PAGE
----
Sunday, March 14, 2010

Versioning my work

I've found it helpful to keep around clean and working versions of projects that I edit, especially when I am changing someone else's work.  This is suggested behavior for generating patches for open source projects, but I find it useful for both programming and document editing.

Of course, version control (CVS or subversion) helps, but I don't always want to commit my changes back to the repository. Someday I should also investigate a distributed version control system that lets other users "check out" your branches.  However, most of the projects I work on use cvs and svn. I also like to extract the changes that I've made, in order to keep track of my versions by hand.  This is useful when I reach milestones in projects, and I want to make off-line backups.

My preferred method is to use diff and patch. When I'm planning to create my own patches, I first copy the original project's directory tree. For example, if the project I'm working on is in a directory called "foo", then from the parent directory of foo I will:
>$ cp -lpr foo foo-new
This generates a copy of foo, with hard links instead of copying the files, reducing the storage space overhead.  My editor is configured to break hard links when it saves files, which is done in vim by adding the following to my .vimrc file:
>$ echo "set backupcopy=auto,breakhardlink" >> ~/.vimrc
Now I will leave the foo directory untouched, and do my development work in foo-new.  When I get to some point that I want to make a version patch, just go to the parent of foo-new and:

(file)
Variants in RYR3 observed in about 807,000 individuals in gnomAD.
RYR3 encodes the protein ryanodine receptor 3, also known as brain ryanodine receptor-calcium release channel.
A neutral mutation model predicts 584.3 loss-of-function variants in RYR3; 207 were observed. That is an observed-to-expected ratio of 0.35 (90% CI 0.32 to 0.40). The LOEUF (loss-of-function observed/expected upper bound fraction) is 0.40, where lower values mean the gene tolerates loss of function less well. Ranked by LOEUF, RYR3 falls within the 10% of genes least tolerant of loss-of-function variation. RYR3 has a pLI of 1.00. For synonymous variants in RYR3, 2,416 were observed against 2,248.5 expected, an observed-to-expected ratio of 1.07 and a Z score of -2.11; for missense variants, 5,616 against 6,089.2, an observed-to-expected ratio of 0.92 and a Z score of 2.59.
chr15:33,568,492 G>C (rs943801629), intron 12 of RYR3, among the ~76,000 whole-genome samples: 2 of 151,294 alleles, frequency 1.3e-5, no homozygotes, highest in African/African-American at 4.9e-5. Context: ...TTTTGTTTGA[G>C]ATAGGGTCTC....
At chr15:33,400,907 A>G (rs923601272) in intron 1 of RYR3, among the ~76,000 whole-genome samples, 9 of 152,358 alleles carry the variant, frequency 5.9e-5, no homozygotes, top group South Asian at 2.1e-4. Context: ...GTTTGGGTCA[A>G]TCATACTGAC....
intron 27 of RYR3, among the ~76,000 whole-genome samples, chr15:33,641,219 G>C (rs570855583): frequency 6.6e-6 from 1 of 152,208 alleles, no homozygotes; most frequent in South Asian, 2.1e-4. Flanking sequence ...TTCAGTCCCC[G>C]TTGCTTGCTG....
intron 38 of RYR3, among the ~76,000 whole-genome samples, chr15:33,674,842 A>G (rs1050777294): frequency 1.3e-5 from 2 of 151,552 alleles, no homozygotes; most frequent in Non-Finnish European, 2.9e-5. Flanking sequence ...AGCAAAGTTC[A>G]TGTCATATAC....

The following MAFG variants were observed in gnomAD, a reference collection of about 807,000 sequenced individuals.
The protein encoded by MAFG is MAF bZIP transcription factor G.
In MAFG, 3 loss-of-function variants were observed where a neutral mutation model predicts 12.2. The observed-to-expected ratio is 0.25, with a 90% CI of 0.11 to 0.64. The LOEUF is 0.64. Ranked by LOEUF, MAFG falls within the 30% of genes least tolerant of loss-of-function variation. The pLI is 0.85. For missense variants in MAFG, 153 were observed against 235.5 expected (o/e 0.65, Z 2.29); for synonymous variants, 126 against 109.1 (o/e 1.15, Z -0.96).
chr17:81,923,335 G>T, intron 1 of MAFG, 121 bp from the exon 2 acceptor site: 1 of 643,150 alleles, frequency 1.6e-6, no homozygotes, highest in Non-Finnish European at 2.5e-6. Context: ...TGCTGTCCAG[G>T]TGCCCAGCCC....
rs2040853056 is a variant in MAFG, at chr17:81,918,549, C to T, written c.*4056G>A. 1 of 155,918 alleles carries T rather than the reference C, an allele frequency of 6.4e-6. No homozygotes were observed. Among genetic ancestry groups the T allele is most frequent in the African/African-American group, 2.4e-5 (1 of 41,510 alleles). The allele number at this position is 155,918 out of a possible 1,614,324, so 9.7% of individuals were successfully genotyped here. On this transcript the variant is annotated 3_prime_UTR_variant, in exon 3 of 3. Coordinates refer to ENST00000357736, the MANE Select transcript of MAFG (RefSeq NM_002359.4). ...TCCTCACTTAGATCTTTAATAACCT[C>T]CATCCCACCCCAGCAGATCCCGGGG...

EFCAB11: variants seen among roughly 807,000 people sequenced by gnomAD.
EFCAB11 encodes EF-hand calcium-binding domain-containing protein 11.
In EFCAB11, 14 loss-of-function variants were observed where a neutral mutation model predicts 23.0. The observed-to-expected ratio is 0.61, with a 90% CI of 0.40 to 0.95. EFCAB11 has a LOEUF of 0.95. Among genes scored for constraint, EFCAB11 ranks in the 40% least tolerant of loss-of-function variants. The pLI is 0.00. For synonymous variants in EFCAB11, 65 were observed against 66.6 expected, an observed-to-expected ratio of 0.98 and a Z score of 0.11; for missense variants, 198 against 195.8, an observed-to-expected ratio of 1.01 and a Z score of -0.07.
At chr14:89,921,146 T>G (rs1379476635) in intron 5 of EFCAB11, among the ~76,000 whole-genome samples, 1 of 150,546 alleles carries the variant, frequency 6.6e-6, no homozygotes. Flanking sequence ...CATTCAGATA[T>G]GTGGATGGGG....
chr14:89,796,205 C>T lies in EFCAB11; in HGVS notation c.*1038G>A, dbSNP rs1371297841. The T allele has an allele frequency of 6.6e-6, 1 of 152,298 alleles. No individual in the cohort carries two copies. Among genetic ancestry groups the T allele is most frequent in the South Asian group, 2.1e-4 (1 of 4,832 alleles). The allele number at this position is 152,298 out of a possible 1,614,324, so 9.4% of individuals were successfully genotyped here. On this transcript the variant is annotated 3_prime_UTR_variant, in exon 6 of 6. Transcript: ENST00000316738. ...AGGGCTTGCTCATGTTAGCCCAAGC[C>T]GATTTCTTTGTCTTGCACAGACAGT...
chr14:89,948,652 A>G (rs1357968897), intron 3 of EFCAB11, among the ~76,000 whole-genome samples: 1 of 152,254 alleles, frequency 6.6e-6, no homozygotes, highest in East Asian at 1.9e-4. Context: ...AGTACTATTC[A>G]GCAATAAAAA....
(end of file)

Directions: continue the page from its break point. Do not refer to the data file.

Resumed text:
>$ diff -uprN foo foo-new > foo-new-1.00.patch
>$ ls -la foo-new-1.00.patch
I check the ls output to make sure my patch is a reasonable size. I will also usually open it and make sure it looks right. Then, I can send my patch to someone, or apply it to a copy of foo. I will often test my patch first, for example:
>$ cp -lpr foo foo-test
>$ cd foo-test
>$ patch -p1 < ../foo-new-1.00.patch
This works great for code, but isn't always the best for less well-structured documents. It also can create fairly large .patch text files that can be cumbersome to apply.

If I am creating a lot of new files, or replacing entire files, I will also just generate tar balls of my entire project.  But these can get rather large, and when I really just want the diff, I recently found a way that I can do better.

With tar, I can also just archive the files that have been changed. Then when you untar, only those files are overwritten. The first thing I do is create a "staging area" for the new files in the same parent directory as the foo project:
>$ mkdir foo-stage
Next I copy the directory structure (only the directories!) into the staging area, so that I can put new files in the appropriate directories:
>$ cd foo-stage
>$ (cd ../foo; find -type d ! -name .) | xargs mkdir
 Finally, I will put the new files that I changed in to their appropriate locations in the staging area, and finally I will create a compressed tar (from within foo-stage directory):
>$ tar -zcf ../foo-1.00.tgz .
Finally, to apply the tar to a copy,
>$ cp -lpr foo foo-test
>$ cd foo-test
>$ tar -zxmf ../foo-1.00.tgz
The -m option keeps tar from updating the modified timestamps for directories that are unchanged. This will replace files in foo only with the files that I added to foo-stage.  This method can also be used in conjunction with diff/patch, in which case I would not use the -N option to diff.

1 comment:

  1. After creating a foo-stage directory and copying the appropriate files into it, the empty directories left over can be a little confusing. The following one-liner will delete the empty directories, leaving only the files that I added:
    > find foo-stage -depth -type d -empty -delete
    Enter that from the parent directory of foo-stage.